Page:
Five in a Flash – September 7, 2017

AP News

In today’s news: Hurricane Irma, the Trump/Democrat alliance, the Menendez Trial, South Korea, Facebook, and a tiger in Atlanta.


Hurricane Irma kills eight as it roars toward Florida (CBS News) – “Irma blacked out much of Puerto Rico, raking the U.S. territory with heavy wind and rain while staying just out to sea, and it headed early Thursday toward the Dominican Republic and Haiti. To the east, authorities struggled to get aid to small Caribbean islands devastated by the storm’s record 185 mph winds earlier Wednesday, while people in Florida rushed to get ready for a possible direct hit on the Miami area.”

Trump sides with Democrats in debt limit, funding, Harvey deal (Politico) – “Republicans left the Oval Office Wednesday stunned. Trump had quickly sided with Democrats on a short-term debt ceiling increase, even overruling his own Treasury Secretary Steven Mnuchin to concur with ‘Chuck and Nancy,’ as he later called them on Air Force One. . . . [E]ven after [Treasury Secretary] Mnuchin, Speaker Paul Ryan and Senate Majority Leader Mitch McConnell pushed back on the Democratic demands in the meeting, Trump agreed to the three-month deal that will also head off the possibility of a government shutdown until mid-December.”

Prosecutor: Sen. Bob Menendez did favors for friend (NPR) – “Justice Department prosecutor Peter Koski began his opening arguments in federal court in Newark with a seemingly innocuous story: ‘A few years ago, a man sent an email requesting a hotel room for a long weekend in Paris.’ But it was hardly a harmless ask, at least in the eyes of the prosecution. . . . During opening remarks in the Democrat’s corruption trial Wednesday, prosecutors said the Paris hotel room was just one instance in a long-standing bribery scheme between the two men, in which they traded lavish trips and gifts for official government favors.”

South Korea deploys U.S. anti-missile launchers amid clashes with protestors (Reuters) – “Protesters clashed with thousands of police at a South Korean village on Thursday as Seoul deployed the four remaining launchers of the U.S. anti-missile THAAD system designed to protect against mounting threats from North Korea. . . . The decision to deploy THAAD, designed to shoot down short- to medium-range missiles mid-flight, has drawn strong objections from China. It believes the system’s radar could be used to look deeply into its territory and will upset the regional security balance.”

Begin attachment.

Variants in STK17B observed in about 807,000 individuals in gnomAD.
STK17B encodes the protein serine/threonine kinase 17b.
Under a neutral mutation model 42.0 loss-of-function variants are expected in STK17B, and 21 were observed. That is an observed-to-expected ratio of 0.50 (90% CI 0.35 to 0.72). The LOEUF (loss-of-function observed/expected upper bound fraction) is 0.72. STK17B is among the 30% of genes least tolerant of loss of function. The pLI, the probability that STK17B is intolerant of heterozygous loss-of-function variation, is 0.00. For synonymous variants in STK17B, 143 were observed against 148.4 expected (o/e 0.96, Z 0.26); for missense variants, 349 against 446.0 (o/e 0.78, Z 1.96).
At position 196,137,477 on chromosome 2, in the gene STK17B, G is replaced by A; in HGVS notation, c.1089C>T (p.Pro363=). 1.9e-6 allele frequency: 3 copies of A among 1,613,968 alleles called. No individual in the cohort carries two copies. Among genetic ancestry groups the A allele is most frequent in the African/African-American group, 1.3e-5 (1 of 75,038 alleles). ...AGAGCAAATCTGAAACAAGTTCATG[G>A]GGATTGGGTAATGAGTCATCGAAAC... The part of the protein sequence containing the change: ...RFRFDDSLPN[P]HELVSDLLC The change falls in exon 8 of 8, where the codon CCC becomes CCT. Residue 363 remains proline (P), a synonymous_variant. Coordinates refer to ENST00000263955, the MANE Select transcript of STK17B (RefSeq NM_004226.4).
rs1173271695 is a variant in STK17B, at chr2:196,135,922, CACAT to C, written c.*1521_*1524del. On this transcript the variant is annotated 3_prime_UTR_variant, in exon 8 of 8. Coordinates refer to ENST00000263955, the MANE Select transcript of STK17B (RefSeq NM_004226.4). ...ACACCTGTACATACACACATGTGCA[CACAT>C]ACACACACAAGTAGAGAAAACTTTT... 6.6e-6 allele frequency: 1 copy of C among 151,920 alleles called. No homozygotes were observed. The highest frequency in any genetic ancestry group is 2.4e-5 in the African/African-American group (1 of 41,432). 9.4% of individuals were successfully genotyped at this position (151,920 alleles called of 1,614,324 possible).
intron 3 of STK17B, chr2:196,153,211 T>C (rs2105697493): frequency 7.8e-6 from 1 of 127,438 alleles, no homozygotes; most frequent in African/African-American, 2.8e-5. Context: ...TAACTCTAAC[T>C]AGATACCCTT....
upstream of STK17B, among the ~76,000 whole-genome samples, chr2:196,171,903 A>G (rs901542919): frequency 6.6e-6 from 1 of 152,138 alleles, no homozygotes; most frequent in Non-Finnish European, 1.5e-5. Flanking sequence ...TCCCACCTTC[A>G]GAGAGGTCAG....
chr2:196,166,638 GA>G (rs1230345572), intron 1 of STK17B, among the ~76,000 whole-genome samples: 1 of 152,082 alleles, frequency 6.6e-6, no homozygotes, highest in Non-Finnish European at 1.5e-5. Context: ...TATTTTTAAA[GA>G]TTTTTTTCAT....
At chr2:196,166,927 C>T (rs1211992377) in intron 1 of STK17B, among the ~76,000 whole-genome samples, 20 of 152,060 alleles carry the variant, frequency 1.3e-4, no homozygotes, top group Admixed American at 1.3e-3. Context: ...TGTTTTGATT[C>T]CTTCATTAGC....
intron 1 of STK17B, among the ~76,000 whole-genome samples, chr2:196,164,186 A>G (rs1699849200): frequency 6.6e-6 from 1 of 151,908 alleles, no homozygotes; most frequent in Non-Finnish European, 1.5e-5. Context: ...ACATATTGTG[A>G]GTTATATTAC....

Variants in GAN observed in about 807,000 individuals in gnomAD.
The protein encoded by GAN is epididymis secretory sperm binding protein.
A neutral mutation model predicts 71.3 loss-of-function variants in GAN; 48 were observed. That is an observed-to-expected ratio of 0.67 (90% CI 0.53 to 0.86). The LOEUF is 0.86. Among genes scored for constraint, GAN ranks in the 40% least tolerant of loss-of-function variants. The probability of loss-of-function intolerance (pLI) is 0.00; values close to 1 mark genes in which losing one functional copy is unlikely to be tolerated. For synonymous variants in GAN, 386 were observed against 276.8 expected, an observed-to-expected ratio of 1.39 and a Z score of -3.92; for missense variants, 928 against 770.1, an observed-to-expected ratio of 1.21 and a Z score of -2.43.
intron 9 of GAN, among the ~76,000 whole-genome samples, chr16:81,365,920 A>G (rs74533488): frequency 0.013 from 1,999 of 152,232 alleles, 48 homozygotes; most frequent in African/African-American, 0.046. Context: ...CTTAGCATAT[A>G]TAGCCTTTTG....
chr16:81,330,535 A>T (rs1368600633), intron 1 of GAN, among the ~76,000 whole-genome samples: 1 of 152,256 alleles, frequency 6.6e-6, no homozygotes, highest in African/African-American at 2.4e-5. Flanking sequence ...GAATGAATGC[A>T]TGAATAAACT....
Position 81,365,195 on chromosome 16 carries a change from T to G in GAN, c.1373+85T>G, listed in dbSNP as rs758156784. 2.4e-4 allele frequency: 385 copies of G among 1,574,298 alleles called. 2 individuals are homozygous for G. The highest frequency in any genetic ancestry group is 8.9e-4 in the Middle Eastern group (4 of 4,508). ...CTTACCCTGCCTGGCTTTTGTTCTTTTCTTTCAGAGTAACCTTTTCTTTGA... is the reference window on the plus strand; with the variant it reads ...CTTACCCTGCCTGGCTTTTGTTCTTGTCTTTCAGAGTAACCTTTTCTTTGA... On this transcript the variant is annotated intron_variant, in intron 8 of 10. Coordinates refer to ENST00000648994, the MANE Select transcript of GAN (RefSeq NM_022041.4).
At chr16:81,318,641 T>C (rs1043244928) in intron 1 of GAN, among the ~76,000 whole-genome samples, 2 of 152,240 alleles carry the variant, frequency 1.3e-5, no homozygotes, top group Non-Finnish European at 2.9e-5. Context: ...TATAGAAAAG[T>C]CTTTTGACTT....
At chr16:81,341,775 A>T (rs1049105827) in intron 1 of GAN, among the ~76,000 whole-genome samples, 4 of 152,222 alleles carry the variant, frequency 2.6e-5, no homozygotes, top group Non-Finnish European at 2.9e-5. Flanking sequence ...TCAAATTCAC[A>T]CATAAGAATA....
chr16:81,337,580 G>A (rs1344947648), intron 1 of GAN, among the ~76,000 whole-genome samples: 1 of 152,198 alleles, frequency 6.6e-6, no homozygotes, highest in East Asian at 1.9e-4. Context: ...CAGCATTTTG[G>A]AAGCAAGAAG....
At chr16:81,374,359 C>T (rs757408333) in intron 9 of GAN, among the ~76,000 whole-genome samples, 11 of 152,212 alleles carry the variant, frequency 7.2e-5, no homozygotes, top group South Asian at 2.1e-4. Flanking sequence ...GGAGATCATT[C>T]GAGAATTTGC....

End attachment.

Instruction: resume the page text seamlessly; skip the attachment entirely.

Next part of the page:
Facebook sold over $100k in political ads to Russian company during 2016 election (TechCrunch) – “According to Stamos, the “vast majority” of the ads in question did not explicitly mention candidate names or the presidential race itself. Instead, they focused on a spectrum of wedge issues that were particularly hot leading into the election, including gun rights, immigration, LGBT rights and race. Roughly one quarter of these ads were targeted to particular geographic regions, particularly the ads that ran in 2015. Facebook’s more recent findings mesh with the insights around political misinformation campaigns that it published in April of this year. Perhaps most interesting is the revelation that bots aren’t actually responsible for most of this stuff – the bulk of it appears to be non-automated, coordinated campaigns by human actors.”


Mystery of the tiger that terrorized Atlanta is solved (NY Post) – “The tiger gunned down in a wild police chase through suburban Atlanta had escaped unnoticed from an entertainment company truck, authorities said. Feld Entertainment Inc., which produces Disney on Ice and Monster Jam, was transporting the Bengal tiger Wednesday from Florida to Tennessee when the big cat broke free.”


Decoding divided America (The Right)

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Connor Mighell is a third-year law student at the University of Alabama School of Law with an undergraduate degree in Political Philosophy from Baylor University. He is a contributor at Merion West and the curator of "Five in a Flash," a weekday newsletter. His work has been featured at The Federalist, SB Nation, The San Francisco Chronicle, The Hill, The Dallas Morning News, and The New Americana.

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